• May 25, 2018
AUT students have some thoughts on that infamous Critic cover. Photo: Gabrielle Tutheridge.
Controversial student magazine, Critic, has students up in arms over the cover of the latest issue.
‘Critic Te Arohi’ is University of Otago’s student magazine publication, their recent issue was on the topic of menstruation and their cover displayed this vividly.
AUT students have expressed their views on the issue, with half of them disagreeing with the vivid cartoon imagery.
“It’s informative to say the least, but it doesn’t have to be so graphic,” says Matthew Gielen, 23-year-old AUT student.
Stacey Muir, 20-year-old communications student disagreed. She says, “I think it’s weird but it’s not overly graphic.”
Vice Chancellor of AUT, Derek McCormack, had not yet seen the edition of Critic, although hoped it was made with positive intentions.
Mr McCormack says, “I affirm the freedom of speech and academic freedom to express views and tackle topics which are controversial and sensitive. I would hope and urge that this be done in a genuine and thoughtful way.”
The University of Otago removed the issue from the stands and threw them away. They released in a statement on Twitter, that the cover was “objectionable and degrading to women.”
AUT student, Jack Raynes says the Universities’ action, “was probably the most appropriate thing to do.”
Will Martin, 21-year-old communications student, says “It’s a bit of a subversion on itself then. If they say it’s degrading to women and it was written by men, then you could be like yeah, but because it is written by women- well I’m just confused.”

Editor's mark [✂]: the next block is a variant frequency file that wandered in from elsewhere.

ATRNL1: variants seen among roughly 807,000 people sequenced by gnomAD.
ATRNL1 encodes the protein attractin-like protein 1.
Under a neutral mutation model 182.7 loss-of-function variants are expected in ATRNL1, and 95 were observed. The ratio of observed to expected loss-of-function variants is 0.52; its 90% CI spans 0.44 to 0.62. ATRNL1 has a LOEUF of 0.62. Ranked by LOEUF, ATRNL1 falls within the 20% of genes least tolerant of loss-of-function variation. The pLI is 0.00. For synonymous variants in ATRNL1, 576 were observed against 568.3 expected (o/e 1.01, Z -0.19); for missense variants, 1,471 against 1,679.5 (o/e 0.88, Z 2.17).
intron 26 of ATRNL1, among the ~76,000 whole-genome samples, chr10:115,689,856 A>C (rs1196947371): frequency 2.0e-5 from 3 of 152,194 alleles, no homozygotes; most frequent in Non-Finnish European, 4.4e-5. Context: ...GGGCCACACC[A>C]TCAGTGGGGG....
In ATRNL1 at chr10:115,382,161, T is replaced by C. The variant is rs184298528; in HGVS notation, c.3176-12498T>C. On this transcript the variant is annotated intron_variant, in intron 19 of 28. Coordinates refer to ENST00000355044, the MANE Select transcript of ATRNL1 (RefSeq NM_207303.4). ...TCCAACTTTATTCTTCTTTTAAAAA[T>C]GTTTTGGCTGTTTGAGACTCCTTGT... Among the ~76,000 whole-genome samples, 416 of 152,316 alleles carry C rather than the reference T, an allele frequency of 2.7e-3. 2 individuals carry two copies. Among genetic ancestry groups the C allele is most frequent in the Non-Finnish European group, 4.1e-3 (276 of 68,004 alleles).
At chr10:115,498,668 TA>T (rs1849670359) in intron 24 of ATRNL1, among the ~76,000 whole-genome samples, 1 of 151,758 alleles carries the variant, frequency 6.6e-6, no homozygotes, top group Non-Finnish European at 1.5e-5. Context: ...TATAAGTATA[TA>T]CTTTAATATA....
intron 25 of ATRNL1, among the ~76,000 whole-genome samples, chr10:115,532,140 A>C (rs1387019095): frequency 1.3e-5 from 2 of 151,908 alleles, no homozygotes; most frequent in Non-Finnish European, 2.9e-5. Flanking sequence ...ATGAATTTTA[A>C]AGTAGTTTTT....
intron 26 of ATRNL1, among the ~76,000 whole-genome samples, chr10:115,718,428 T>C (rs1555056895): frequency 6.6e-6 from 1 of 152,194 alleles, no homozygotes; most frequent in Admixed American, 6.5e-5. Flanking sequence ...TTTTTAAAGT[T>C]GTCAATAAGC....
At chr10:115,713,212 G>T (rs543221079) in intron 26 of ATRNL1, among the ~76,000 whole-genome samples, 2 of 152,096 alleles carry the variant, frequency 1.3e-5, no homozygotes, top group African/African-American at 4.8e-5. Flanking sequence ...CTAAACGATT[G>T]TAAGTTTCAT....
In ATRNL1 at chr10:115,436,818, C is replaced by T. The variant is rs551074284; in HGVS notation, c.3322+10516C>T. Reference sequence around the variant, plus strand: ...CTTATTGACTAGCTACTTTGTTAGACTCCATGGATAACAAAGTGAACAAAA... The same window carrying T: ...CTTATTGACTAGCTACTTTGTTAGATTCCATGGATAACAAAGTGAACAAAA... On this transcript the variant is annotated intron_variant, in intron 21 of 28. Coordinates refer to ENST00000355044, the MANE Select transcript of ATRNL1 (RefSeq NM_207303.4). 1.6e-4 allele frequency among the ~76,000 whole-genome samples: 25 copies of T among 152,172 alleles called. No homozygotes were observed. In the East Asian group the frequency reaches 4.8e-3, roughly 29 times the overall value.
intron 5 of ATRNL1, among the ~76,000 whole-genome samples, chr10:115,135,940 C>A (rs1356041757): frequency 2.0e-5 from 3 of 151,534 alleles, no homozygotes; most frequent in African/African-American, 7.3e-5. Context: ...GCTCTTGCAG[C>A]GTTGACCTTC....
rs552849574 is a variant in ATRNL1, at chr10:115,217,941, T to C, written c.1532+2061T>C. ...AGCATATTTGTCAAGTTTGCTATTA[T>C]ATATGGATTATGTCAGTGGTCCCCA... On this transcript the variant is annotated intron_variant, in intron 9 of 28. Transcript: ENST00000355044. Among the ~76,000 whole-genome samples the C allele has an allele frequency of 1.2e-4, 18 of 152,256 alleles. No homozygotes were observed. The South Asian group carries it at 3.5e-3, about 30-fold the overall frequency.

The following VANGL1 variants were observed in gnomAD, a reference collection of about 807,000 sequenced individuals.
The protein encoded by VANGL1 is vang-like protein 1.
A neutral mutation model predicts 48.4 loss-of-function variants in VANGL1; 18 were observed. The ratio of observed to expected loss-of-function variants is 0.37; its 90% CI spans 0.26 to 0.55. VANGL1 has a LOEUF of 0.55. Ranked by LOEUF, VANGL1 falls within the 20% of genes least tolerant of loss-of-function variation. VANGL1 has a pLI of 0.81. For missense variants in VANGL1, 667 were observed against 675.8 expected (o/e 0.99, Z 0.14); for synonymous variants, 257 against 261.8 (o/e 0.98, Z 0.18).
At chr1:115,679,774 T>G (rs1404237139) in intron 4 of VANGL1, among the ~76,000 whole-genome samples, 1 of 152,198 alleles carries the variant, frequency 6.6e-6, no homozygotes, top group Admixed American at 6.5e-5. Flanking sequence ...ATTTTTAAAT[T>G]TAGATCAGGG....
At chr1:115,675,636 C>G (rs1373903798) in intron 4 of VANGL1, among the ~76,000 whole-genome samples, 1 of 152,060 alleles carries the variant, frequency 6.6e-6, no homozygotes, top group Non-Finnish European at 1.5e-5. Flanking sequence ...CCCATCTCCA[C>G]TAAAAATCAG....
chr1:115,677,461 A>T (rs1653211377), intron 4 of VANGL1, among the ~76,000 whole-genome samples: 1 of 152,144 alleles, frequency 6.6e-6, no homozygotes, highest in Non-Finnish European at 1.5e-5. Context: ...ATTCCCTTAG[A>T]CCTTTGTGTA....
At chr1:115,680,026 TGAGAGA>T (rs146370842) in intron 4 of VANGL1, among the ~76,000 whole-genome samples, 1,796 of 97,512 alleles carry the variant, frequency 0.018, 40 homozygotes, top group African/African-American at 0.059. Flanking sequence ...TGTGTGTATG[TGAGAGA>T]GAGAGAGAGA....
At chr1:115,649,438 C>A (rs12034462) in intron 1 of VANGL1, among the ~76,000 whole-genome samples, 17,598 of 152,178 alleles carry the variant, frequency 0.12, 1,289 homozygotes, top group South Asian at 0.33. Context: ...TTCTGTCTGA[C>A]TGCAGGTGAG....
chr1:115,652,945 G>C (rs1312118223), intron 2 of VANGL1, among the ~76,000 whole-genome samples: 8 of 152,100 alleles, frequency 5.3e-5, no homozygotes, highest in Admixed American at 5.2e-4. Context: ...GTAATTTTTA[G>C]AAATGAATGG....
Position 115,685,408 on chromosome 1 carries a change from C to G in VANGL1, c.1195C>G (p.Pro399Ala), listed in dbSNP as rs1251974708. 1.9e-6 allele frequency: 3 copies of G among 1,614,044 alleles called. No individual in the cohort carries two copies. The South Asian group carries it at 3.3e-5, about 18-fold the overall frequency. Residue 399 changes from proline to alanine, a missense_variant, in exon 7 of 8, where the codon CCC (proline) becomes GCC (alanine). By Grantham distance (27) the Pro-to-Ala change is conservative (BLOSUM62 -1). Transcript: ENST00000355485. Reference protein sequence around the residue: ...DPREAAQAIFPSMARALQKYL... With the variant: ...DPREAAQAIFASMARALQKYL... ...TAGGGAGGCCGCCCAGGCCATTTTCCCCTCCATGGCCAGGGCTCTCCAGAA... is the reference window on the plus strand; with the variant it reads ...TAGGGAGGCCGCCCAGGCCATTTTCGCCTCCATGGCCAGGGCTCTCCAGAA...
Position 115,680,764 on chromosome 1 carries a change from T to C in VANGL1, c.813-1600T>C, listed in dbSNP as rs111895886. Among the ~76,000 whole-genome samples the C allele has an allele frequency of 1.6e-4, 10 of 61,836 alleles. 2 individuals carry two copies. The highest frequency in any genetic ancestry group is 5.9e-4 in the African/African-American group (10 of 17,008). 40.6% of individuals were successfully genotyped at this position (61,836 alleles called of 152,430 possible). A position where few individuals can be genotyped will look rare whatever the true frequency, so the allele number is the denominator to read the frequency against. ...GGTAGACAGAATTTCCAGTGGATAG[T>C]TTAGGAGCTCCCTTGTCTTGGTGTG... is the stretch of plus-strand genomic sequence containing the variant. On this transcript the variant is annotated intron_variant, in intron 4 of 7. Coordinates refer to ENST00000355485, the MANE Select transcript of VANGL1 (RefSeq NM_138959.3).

Mr McCormack did not think confiscating the copies was an “appropriate action to take.”
He says, “Art and visual communication must not be restricted to what is generally acceptable. Amongst their important roles are those which might cause shock and provoke response - again, I would hope with some positive purpose.”
Critic Te Arohi editor Joel MacManus explained in his Spinoff Article that, “It honestly felt like a kick to the guts. We’d worked our asses off making this issue and it was something I was incredibly proud of.”
Arusha Mohammed, 18-year-old AUT student, had some strong views on the issue. She says, “Anything about periods is going to get hate- let’s be honest.”
Ms Mohammed did not think the issue was degrading, nor did her male friend Jazz Perea. He says, “It’s a part of life, you can’t just ignore that.”
You can see an open letter about the issue here: https://www.critic.co.nz/news/article/7575/an-open-letter-on-the-removal-and-destruction-of-l